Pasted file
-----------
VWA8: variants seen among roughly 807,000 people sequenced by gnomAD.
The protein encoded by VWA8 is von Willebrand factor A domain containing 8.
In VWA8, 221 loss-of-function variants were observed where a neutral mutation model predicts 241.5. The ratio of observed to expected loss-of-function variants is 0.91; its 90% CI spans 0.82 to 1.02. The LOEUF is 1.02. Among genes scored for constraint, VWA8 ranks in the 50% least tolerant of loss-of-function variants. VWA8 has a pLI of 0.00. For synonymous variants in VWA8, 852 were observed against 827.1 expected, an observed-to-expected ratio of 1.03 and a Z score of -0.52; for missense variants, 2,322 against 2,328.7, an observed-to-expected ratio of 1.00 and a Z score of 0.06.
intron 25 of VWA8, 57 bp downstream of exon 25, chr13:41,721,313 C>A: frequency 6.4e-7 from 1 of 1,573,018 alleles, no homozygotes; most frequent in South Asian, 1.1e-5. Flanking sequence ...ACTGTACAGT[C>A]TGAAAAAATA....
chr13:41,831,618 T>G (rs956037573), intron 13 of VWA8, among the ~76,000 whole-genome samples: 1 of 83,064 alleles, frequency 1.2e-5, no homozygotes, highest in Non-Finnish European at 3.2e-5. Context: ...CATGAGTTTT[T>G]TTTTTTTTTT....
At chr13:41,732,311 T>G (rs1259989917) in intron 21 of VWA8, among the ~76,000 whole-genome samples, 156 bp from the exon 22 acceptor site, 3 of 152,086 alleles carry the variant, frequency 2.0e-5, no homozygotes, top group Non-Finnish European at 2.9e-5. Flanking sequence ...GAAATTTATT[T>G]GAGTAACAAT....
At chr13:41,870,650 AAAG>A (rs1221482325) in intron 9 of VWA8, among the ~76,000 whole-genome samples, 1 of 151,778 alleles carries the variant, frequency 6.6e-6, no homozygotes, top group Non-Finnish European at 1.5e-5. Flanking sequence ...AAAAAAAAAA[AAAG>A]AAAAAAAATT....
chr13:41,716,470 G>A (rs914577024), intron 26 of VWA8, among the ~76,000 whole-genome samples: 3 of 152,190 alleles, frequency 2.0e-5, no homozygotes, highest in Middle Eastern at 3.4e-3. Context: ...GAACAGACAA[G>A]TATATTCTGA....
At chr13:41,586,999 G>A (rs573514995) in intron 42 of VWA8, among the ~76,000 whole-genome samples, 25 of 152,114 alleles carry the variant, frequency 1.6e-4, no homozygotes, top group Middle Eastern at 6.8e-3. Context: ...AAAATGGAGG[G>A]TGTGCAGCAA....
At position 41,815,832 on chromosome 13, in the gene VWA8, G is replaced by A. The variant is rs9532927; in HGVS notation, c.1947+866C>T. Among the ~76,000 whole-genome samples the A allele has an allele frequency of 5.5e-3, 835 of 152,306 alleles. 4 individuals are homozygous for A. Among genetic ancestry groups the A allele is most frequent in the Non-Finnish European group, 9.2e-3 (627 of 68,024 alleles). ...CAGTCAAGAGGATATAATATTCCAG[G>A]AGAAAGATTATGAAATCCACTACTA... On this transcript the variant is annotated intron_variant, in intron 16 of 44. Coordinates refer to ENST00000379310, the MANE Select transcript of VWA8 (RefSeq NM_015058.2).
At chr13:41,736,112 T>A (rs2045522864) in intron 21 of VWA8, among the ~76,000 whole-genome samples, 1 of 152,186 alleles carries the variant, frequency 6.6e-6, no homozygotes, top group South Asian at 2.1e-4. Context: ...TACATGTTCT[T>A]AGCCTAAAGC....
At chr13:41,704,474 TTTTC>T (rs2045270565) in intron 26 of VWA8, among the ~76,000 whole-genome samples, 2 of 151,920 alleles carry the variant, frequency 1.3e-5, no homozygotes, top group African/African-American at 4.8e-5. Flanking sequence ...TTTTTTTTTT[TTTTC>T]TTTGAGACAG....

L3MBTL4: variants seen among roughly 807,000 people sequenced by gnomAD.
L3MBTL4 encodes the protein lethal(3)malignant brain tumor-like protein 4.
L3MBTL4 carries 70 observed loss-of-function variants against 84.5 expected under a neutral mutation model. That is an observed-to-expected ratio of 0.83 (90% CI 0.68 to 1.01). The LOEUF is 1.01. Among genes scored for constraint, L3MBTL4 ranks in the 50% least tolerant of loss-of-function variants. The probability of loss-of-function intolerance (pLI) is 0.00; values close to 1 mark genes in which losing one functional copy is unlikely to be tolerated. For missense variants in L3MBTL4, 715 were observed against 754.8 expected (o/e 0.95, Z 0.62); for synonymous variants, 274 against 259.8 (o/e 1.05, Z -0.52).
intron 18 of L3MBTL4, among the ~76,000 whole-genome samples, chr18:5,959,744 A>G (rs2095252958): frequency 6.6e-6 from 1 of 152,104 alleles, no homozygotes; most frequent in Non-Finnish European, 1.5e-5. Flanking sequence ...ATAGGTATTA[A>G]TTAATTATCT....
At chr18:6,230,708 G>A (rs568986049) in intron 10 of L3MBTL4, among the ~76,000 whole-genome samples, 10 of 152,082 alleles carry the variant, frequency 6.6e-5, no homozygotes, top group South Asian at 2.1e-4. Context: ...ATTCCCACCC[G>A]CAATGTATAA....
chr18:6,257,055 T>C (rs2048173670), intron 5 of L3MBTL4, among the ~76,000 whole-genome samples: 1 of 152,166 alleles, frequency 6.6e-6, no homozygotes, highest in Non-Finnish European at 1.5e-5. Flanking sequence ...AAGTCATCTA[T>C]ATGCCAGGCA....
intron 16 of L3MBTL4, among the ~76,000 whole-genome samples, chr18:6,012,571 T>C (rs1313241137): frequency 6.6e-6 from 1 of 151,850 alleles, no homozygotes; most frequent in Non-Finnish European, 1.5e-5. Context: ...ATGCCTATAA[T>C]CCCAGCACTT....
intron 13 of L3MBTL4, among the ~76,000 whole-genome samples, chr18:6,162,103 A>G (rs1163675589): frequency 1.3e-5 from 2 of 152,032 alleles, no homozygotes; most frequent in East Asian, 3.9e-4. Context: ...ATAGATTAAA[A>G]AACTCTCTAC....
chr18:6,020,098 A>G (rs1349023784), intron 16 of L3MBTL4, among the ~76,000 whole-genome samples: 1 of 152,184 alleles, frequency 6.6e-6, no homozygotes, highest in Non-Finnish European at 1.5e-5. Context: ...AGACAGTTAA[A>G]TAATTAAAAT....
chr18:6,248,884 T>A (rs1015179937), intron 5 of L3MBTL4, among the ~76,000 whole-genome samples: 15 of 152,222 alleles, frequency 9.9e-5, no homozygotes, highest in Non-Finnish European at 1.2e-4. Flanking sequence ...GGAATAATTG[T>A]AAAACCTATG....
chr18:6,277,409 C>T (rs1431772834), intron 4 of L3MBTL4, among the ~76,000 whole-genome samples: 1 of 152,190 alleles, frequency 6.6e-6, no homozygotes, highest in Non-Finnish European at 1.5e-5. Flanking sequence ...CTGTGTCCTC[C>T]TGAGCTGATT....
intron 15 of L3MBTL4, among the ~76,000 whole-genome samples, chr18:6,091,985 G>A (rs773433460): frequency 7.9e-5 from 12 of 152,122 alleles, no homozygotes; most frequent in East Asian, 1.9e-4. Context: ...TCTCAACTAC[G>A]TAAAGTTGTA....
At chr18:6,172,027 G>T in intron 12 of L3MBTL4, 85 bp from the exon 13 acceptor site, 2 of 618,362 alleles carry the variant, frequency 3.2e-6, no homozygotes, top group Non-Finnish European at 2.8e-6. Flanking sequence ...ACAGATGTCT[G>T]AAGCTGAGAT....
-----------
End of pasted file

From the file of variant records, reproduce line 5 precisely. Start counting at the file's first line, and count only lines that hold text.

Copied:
chr13:41,831,618 T>G (rs956037573), intron 13 of VWA8, among the ~76,000 whole-genome samples: 1 of 83,064 alleles, frequency 1.2e-5, no homozygotes, highest in Non-Finnish European at 3.2e-5. Context: ...CATGAGTTTT[T>G]TTTTTTTTTT....